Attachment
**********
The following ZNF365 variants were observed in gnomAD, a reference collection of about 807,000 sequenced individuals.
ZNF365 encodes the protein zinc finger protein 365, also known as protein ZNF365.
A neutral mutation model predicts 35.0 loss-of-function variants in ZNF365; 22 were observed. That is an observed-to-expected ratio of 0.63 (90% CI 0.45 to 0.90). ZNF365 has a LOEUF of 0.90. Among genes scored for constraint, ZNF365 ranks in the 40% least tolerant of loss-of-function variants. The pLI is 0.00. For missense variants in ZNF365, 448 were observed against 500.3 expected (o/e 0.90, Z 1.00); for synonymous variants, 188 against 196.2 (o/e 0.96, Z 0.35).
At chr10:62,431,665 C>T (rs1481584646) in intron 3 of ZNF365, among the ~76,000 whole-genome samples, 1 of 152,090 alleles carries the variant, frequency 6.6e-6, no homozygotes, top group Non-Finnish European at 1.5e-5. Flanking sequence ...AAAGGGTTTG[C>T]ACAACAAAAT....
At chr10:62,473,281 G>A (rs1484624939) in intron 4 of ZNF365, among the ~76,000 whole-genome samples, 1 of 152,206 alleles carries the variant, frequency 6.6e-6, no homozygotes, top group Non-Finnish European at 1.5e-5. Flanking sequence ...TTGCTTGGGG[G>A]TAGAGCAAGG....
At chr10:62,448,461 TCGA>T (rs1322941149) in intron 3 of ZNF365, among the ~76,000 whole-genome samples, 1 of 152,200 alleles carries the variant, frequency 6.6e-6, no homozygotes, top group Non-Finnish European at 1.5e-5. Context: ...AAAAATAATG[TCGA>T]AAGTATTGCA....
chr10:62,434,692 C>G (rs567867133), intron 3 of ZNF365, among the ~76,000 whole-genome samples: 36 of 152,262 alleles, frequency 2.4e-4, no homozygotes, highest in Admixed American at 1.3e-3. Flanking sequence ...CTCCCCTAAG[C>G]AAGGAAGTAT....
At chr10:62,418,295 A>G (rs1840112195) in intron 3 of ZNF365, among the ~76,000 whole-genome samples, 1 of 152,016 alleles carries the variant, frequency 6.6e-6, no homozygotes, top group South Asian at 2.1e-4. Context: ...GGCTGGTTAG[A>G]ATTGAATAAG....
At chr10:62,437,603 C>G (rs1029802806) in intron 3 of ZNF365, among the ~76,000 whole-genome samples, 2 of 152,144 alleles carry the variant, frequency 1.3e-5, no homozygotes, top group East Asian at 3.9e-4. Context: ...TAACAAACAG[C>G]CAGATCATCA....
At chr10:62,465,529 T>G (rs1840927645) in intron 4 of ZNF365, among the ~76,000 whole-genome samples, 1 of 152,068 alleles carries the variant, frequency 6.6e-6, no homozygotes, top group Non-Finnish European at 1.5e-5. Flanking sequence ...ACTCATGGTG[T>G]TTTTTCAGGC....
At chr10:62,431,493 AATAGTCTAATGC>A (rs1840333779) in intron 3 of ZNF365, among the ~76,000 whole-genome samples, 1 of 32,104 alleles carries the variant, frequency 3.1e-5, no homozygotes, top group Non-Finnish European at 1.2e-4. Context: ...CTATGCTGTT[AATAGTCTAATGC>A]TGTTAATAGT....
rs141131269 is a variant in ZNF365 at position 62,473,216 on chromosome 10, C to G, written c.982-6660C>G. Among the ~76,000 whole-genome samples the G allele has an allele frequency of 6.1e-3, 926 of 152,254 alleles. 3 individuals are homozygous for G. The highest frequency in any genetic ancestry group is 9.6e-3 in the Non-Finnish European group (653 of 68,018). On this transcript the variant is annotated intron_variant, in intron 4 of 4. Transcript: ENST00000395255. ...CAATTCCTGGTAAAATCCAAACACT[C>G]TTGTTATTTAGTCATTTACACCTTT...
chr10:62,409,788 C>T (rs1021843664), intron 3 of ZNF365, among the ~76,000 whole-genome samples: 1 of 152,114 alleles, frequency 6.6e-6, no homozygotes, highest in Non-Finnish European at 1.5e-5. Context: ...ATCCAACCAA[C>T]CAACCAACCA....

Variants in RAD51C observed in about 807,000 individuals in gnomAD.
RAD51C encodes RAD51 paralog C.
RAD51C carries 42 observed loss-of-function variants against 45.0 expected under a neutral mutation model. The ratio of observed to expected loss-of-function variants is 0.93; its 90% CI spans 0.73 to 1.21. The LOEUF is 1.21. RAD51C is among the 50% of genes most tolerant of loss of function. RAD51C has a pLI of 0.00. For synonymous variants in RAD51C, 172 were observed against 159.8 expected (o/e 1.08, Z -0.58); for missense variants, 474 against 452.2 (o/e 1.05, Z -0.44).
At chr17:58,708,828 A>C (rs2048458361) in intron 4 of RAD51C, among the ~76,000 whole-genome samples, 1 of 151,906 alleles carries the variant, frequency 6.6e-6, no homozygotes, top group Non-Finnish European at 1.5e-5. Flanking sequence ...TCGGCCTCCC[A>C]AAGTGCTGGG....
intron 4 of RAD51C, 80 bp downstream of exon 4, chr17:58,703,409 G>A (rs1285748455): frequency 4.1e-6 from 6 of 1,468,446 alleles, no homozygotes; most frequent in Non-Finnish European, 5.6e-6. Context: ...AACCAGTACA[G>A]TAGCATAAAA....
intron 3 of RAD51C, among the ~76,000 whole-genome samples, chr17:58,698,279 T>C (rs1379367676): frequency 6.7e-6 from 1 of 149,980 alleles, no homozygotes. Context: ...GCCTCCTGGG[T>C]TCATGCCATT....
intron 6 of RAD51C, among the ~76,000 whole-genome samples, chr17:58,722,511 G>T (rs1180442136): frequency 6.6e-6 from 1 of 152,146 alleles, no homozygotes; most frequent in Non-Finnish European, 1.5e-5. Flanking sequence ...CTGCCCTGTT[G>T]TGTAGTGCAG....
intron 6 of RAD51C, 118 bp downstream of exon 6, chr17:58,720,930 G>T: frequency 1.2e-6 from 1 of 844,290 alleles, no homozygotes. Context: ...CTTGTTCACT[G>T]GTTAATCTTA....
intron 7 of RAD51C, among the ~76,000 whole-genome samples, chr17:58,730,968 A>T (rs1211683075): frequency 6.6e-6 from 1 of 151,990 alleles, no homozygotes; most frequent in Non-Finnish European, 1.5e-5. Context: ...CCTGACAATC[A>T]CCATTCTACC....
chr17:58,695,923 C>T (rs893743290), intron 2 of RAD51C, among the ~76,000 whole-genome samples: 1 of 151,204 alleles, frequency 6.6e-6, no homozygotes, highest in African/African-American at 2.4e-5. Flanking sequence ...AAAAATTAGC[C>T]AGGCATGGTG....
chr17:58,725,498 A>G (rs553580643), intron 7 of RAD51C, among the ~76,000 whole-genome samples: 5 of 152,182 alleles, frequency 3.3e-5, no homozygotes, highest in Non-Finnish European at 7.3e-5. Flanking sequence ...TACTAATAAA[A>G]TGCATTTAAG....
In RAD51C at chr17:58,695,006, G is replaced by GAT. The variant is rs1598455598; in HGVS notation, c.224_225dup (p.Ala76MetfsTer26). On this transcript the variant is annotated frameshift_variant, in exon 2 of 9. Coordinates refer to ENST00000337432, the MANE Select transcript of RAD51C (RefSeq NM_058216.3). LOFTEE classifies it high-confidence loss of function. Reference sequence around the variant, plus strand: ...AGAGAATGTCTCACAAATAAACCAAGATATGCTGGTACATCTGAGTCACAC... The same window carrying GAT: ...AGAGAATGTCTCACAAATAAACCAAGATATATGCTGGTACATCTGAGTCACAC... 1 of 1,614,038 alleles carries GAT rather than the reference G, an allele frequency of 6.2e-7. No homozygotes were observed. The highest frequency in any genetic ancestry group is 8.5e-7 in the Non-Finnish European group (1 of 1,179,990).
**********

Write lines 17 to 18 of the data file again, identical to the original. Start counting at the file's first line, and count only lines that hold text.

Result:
At chr17:58,708,828 A>C (rs2048458361) in intron 4 of RAD51C, among the ~76,000 whole-genome samples, 1 of 151,906 alleles carries the variant, frequency 6.6e-6, no homozygotes, top group Non-Finnish European at 1.5e-5. Flanking sequence ...TCGGCCTCCC[A>C]AAGTGCTGGG....
intron 4 of RAD51C, 80 bp downstream of exon 4, chr17:58,703,409 G>A (rs1285748455): frequency 4.1e-6 from 6 of 1,468,446 alleles, no homozygotes; most frequent in Non-Finnish European, 5.6e-6. Context: ...AACCAGTACA[G>A]TAGCATAAAA....